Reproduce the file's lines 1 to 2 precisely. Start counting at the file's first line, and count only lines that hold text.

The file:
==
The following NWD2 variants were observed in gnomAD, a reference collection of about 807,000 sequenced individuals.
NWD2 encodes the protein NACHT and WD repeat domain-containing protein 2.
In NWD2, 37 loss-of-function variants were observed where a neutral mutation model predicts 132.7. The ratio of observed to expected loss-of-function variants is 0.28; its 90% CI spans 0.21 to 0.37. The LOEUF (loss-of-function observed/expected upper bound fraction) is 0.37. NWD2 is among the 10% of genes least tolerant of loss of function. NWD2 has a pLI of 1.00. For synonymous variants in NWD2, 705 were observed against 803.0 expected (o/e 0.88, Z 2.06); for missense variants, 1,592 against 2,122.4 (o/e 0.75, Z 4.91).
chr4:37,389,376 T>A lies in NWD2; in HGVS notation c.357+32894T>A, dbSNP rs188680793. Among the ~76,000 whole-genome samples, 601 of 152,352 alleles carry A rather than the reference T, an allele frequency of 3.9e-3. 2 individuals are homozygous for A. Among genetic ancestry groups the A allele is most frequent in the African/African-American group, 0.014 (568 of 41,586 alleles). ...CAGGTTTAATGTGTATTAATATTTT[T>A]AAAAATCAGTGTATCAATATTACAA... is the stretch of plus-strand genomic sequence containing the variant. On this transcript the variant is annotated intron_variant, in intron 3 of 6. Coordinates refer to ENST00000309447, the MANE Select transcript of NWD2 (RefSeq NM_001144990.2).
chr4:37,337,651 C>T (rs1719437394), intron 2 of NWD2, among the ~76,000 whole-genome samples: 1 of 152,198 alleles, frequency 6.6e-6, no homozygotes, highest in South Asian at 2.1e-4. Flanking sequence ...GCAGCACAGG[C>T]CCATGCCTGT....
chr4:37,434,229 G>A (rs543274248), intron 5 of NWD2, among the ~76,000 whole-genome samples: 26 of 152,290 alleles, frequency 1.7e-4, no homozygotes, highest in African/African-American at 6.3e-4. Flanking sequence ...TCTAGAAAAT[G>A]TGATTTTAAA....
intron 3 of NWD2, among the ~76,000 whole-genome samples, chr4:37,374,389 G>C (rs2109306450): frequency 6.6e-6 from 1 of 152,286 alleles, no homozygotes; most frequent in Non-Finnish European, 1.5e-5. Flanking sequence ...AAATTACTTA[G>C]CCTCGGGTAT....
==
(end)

The following NWD2 variants were observed in gnomAD, a reference collection of about 807,000 sequenced individuals.
NWD2 encodes the protein NACHT and WD repeat domain-containing protein 2.